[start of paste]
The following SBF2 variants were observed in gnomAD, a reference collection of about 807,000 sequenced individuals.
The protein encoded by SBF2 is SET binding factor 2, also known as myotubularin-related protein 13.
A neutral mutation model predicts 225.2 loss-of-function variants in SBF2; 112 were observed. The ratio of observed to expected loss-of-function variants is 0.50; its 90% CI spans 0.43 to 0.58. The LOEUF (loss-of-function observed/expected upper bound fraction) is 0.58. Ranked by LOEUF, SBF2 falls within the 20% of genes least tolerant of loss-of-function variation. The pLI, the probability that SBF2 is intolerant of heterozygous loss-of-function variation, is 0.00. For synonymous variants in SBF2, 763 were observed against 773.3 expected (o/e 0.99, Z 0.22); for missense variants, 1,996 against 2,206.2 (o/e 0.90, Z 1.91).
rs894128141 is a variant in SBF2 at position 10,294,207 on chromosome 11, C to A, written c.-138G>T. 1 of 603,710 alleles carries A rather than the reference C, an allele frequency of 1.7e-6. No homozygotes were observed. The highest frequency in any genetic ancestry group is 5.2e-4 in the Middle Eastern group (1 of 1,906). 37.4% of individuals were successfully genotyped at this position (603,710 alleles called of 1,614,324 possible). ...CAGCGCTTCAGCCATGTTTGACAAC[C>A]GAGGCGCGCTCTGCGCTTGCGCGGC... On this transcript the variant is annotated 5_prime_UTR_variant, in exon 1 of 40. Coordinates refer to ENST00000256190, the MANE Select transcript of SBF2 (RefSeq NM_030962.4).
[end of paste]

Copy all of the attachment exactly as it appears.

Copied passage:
The following SBF2 variants were observed in gnomAD, a reference collection of about 807,000 sequenced individuals.
The protein encoded by SBF2 is SET binding factor 2, also known as myotubularin-related protein 13.
A neutral mutation model predicts 225.2 loss-of-function variants in SBF2; 112 were observed. The ratio of observed to expected loss-of-function variants is 0.50; its 90% CI spans 0.43 to 0.58. The LOEUF (loss-of-function observed/expected upper bound fraction) is 0.58. Ranked by LOEUF, SBF2 falls within the 20% of genes least tolerant of loss-of-function variation. The pLI, the probability that SBF2 is intolerant of heterozygous loss-of-function variation, is 0.00. For synonymous variants in SBF2, 763 were observed against 773.3 expected (o/e 0.99, Z 0.22); for missense variants, 1,996 against 2,206.2 (o/e 0.90, Z 1.91).
rs894128141 is a variant in SBF2 at position 10,294,207 on chromosome 11, C to A, written c.-138G>T. 1 of 603,710 alleles carries A rather than the reference C, an allele frequency of 1.7e-6. No homozygotes were observed. The highest frequency in any genetic ancestry group is 5.2e-4 in the Middle Eastern group (1 of 1,906). 37.4% of individuals were successfully genotyped at this position (603,710 alleles called of 1,614,324 possible). ...CAGCGCTTCAGCCATGTTTGACAAC[C>A]GAGGCGCGCTCTGCGCTTGCGCGGC... On this transcript the variant is annotated 5_prime_UTR_variant, in exon 1 of 40. Coordinates refer to ENST00000256190, the MANE Select transcript of SBF2 (RefSeq NM_030962.4).